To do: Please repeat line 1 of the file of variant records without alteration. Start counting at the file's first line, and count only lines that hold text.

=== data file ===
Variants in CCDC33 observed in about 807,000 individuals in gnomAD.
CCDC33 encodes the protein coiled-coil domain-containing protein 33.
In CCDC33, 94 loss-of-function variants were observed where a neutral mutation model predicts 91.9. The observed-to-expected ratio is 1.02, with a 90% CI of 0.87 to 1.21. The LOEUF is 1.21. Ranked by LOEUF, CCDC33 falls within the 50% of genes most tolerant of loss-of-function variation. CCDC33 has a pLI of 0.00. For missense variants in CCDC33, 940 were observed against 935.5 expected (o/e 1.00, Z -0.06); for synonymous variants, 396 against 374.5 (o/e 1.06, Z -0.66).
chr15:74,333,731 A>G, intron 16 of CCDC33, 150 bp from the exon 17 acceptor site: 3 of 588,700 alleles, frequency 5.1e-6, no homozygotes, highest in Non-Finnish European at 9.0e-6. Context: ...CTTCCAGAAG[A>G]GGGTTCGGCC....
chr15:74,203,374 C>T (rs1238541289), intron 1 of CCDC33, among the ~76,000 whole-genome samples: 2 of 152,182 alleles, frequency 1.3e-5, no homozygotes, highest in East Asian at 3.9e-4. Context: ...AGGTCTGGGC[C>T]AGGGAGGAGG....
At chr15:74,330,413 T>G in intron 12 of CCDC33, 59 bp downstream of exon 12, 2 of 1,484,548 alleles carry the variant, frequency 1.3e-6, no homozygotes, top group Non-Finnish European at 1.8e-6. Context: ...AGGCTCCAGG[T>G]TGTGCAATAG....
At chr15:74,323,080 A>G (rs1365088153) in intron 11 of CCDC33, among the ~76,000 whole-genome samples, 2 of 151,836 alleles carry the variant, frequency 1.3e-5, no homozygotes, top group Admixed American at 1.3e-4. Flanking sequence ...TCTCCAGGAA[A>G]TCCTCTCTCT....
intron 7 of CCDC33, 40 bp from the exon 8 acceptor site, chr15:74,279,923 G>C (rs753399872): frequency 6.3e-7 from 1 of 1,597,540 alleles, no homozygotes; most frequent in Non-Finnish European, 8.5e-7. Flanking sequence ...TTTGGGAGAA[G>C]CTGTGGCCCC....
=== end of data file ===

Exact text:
Variants in CCDC33 observed in about 807,000 individuals in gnomAD.